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Antimicrob Agents Chemother. Nov 2012; 56(11): 5764–5773.
PMCID: PMC3486620
Population Pharmacokinetic and Pharmacodynamic Modeling of Amodiaquine and Desethylamodiaquine in Women with Plasmodium vivax Malaria during and after Pregnancy
Joel Tarning,corresponding authorab Palang Chotsiri,a Vincent Jullien,c Marcus J. Rijken,d Martin Bergstrand,e Mireille Cammas,c Rose McGready,abd Pratap Singhasivanon,f Nicholas P. J. Day,ab Nicholas J. White,ab Francois Nosten,abd and Niklas Lindegardhab
aMahidol-Oxford Tropical Medicine Research Unit, Mahidol University, Bangkok, Thailand
bCentre for Tropical Medicine, Nuffield Department of Clinical Medicine, University of Oxford, United Kingdom
cUniversité Paris Descartes, INSERM U663, Assistance Publique-Hôpitaux de Paris, Hôpital Saint-Vincent de Paul, Paris, France
dShoklo Malaria Research Unit, Mae Sot, Thailand
eDepartment of Pharmaceutical Biosciences, Uppsala University, Uppsala, Sweden
fFaculty of Tropical Medicine, Mahidol University, Bangkok, Thailand
corresponding authorCorresponding author.
Address correspondence to Joel Tarning, joel/at/
Deceased 18 January 2012.
Received June 18, 2012; Revisions requested July 21, 2012; Accepted August 18, 2012.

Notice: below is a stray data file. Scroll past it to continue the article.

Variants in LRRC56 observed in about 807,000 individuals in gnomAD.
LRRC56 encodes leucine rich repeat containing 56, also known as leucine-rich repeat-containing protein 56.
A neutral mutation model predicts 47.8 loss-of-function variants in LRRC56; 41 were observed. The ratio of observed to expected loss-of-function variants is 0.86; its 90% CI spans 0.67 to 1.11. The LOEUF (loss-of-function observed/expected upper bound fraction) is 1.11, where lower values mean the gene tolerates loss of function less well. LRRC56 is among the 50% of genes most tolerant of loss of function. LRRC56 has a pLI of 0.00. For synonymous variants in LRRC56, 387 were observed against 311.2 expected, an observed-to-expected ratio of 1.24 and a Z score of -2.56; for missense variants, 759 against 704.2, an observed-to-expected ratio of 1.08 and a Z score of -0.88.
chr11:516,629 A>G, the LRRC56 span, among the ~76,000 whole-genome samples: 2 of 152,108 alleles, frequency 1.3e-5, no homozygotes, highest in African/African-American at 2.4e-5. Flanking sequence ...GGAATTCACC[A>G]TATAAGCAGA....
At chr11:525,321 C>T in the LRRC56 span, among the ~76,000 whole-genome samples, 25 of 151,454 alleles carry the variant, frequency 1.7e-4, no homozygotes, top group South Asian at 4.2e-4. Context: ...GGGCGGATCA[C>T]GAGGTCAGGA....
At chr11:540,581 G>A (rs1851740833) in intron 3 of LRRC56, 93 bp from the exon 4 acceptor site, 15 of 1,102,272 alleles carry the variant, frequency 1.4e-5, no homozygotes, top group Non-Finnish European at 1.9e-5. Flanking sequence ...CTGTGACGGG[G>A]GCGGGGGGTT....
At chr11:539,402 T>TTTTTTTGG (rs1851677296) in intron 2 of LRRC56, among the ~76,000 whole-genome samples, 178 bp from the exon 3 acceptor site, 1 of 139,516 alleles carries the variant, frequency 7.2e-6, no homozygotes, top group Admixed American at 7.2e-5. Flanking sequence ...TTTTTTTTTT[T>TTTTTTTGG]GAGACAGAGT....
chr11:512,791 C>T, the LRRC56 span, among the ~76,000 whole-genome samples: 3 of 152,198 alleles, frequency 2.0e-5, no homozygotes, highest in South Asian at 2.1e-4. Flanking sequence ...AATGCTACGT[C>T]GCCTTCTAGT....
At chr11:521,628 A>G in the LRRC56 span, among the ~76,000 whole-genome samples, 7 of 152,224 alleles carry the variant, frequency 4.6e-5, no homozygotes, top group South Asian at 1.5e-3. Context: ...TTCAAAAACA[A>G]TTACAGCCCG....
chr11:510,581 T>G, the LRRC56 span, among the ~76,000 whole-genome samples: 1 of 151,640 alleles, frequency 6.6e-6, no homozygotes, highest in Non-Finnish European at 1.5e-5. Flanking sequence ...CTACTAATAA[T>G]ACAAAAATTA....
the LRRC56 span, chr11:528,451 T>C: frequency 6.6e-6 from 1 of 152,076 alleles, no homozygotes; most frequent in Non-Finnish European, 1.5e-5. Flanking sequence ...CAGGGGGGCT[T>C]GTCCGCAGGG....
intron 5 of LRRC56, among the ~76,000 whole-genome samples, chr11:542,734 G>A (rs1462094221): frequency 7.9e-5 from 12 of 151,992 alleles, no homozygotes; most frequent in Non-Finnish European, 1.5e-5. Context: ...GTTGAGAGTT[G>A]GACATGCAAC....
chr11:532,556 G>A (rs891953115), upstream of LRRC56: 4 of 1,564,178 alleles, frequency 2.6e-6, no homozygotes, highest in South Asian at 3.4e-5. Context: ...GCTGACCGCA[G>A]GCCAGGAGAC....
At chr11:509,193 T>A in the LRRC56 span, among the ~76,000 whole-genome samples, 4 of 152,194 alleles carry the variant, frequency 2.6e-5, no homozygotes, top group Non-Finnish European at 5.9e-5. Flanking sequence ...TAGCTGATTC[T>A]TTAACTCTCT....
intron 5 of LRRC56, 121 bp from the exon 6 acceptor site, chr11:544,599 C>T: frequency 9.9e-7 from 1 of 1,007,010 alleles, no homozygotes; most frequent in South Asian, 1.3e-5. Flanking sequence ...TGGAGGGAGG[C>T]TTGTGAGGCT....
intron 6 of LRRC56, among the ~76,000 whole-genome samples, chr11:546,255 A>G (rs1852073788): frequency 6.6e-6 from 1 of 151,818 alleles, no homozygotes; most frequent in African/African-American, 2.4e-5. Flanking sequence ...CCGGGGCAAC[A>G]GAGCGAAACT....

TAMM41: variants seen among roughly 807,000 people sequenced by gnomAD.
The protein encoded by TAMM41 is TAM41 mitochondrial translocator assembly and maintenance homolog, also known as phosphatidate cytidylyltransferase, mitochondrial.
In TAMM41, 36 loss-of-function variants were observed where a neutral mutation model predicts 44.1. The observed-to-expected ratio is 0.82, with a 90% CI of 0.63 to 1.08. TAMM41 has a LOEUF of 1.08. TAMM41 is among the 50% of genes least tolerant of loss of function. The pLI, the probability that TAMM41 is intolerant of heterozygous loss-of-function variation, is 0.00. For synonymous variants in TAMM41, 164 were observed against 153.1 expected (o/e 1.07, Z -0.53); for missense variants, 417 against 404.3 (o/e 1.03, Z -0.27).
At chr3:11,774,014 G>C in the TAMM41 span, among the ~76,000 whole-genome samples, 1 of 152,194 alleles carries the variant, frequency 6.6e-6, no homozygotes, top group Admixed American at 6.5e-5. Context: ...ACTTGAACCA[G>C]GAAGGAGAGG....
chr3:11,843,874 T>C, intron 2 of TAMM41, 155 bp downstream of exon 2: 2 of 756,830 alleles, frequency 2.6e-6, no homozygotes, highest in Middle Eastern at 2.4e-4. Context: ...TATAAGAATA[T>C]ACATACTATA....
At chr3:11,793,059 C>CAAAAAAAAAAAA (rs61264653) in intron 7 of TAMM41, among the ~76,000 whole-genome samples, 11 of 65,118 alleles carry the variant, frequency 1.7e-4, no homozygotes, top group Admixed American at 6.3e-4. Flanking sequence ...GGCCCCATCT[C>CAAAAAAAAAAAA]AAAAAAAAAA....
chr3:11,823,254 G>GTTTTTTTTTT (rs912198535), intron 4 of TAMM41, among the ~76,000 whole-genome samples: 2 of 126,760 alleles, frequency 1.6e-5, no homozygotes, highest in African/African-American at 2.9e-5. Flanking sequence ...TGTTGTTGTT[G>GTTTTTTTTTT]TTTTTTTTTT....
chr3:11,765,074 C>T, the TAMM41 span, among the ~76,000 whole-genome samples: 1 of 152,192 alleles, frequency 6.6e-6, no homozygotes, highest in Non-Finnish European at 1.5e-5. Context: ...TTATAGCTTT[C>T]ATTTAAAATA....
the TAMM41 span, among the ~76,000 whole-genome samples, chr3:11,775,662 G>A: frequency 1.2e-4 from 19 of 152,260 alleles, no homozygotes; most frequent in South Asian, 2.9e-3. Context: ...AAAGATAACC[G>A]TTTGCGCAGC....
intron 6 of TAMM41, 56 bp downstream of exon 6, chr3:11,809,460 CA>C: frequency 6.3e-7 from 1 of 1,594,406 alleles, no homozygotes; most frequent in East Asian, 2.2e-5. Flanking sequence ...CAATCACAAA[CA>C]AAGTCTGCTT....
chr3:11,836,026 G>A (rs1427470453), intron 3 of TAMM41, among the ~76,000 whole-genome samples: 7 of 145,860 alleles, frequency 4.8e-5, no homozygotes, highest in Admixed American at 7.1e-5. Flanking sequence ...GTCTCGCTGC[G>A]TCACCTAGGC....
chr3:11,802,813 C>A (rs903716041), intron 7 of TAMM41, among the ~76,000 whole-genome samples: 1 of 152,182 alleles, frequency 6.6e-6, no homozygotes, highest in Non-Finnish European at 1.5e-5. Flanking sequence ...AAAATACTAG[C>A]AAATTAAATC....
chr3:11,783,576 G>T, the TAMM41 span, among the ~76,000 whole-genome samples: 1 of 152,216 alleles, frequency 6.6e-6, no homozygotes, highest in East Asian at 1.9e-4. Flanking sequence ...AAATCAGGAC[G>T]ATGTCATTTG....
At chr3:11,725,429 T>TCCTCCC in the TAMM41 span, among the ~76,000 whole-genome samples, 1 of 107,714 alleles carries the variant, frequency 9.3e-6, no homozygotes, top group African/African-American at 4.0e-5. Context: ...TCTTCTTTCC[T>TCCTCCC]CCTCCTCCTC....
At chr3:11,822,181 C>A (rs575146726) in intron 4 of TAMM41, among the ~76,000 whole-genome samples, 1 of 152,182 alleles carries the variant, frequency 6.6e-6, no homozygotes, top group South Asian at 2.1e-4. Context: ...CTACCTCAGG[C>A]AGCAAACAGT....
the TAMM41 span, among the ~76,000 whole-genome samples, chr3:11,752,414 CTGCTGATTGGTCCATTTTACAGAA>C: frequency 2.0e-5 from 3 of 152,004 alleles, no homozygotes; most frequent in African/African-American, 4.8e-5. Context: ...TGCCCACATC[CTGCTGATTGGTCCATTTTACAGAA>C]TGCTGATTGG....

Amodiaquine is effective for the treatment of Plasmodium vivax malaria, but there is little information on the pharmacokinetic and pharmacodynamic properties of amodiaquine in pregnant women with malaria. This study evaluated the population pharmacokinetic and pharmacodynamic properties of amodiaquine and its biologically active metabolite, desethylamodiaquine, in pregnant women with P. vivax infection and again after delivery. Twenty-seven pregnant women infected with P. vivax malaria on the Thai-Myanmar border were treated with amodiaquine monotherapy (10 mg/kg/day) once daily for 3 days. Nineteen women, with and without P. vivax infections, returned to receive the same amodiaquine dose postpartum. Nonlinear mixed-effects modeling was used to evaluate the population pharmacokinetic and pharmacodynamic properties of amodiaquine and desethylamodiaquine. Amodiaquine plasma concentrations were described accurately by lagged first-order absorption with a two-compartment disposition model followed by a three-compartment disposition of desethylamodiaquine under the assumption of complete in vivo conversion. Body weight was implemented as an allometric function on all clearance and volume parameters. Amodiaquine clearance decreased linearly with age, and absorption lag time was reduced in pregnant patients. Recurrent malaria infections in pregnant women were modeled with a time-to-event model consisting of a constant-hazard function with an inhibitory effect of desethylamodiaquine. Amodiaquine treatment reduced the risk of recurrent infections from 22.2% to 7.4% at day 35. In conclusion, pregnancy did not have a clinically relevant impact on the pharmacokinetic properties of amodiaquine or desethylamodiaquine. No dose adjustments are required in pregnancy.
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